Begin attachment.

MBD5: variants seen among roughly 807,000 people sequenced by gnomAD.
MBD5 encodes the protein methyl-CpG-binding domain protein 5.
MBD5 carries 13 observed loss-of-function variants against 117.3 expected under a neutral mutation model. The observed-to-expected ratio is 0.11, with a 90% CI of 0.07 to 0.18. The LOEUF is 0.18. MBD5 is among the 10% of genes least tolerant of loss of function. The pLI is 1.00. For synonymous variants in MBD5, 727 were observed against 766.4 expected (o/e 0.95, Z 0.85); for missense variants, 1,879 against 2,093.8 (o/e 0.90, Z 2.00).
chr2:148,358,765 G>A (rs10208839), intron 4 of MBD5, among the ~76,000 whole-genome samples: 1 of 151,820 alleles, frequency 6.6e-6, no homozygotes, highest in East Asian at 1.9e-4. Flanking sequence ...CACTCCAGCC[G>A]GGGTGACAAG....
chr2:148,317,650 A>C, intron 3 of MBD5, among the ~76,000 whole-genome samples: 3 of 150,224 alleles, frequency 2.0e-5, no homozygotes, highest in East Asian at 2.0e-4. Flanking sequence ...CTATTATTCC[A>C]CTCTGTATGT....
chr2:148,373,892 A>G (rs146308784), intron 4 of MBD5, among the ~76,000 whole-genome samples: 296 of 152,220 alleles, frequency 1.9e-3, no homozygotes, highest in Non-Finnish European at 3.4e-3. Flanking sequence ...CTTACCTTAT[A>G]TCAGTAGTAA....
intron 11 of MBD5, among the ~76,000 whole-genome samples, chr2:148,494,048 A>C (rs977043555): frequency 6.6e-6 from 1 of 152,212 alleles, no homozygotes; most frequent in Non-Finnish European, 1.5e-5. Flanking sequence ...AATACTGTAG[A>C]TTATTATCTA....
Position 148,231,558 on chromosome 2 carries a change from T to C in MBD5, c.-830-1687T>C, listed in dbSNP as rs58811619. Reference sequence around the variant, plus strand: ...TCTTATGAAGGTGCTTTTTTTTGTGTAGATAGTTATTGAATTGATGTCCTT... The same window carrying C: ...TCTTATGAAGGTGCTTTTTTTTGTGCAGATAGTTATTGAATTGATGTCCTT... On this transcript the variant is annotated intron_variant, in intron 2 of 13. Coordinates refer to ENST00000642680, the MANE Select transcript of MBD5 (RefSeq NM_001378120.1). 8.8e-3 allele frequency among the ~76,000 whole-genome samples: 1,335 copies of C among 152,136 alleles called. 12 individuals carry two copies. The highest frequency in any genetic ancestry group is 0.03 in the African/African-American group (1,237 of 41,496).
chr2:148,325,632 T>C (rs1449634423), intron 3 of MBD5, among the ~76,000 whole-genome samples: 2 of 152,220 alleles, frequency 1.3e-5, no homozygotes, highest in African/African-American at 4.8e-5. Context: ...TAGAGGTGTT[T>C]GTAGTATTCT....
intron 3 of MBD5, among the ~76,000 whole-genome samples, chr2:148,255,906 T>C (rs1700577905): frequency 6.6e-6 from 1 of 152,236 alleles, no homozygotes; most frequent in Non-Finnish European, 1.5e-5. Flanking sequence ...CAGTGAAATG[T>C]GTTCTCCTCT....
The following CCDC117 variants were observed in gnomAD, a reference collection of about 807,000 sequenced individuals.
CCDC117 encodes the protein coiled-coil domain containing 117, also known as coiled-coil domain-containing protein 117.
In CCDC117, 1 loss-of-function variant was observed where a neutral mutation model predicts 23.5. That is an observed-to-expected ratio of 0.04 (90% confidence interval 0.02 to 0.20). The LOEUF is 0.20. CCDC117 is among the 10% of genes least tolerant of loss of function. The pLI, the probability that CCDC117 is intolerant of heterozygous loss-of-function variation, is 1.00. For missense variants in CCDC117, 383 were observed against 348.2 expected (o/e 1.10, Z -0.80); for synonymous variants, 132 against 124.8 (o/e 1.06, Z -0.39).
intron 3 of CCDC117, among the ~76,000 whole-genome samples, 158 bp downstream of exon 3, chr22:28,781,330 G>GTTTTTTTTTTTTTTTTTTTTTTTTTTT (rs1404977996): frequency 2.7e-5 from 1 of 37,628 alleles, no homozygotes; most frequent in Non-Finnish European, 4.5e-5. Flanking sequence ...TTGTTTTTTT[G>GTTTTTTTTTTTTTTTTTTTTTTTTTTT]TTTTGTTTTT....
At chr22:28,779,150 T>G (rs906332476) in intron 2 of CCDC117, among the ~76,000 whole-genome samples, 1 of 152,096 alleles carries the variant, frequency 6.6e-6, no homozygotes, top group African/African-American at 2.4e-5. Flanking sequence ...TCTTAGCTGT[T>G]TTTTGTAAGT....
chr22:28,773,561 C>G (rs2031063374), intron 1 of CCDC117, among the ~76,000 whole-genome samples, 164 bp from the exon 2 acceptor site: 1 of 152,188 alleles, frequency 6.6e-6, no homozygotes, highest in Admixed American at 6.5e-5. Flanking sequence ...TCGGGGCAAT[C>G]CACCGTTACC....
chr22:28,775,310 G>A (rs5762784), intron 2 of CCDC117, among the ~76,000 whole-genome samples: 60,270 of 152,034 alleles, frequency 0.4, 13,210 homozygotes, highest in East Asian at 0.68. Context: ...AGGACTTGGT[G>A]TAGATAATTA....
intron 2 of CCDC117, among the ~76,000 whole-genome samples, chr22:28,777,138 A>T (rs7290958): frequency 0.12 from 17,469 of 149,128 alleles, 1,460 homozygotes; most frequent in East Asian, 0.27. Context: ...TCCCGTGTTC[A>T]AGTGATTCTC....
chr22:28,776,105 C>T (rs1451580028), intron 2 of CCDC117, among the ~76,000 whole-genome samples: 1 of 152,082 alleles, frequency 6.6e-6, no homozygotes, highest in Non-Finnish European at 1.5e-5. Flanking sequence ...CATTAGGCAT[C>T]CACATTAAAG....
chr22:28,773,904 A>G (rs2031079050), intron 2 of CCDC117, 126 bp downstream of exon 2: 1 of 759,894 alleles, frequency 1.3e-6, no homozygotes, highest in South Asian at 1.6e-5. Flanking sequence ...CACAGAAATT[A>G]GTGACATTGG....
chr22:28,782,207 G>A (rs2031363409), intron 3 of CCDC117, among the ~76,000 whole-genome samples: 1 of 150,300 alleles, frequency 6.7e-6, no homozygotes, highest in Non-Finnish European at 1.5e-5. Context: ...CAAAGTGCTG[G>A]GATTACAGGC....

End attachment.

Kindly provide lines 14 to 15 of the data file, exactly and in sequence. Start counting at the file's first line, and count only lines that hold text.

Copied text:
intron 3 of CCDC117, among the ~76,000 whole-genome samples, 158 bp downstream of exon 3, chr22:28,781,330 G>GTTTTTTTTTTTTTTTTTTTTTTTTTTT (rs1404977996): frequency 2.7e-5 from 1 of 37,628 alleles, no homozygotes; most frequent in Non-Finnish European, 4.5e-5. Flanking sequence ...TTGTTTTTTT[G>GTTTTTTTTTTTTTTTTTTTTTTTTTTT]TTTTGTTTTT....
At chr22:28,779,150 T>G (rs906332476) in intron 2 of CCDC117, among the ~76,000 whole-genome samples, 1 of 152,096 alleles carries the variant, frequency 6.6e-6, no homozygotes, top group African/African-American at 2.4e-5. Flanking sequence ...TCTTAGCTGT[T>G]TTTTGTAAGT....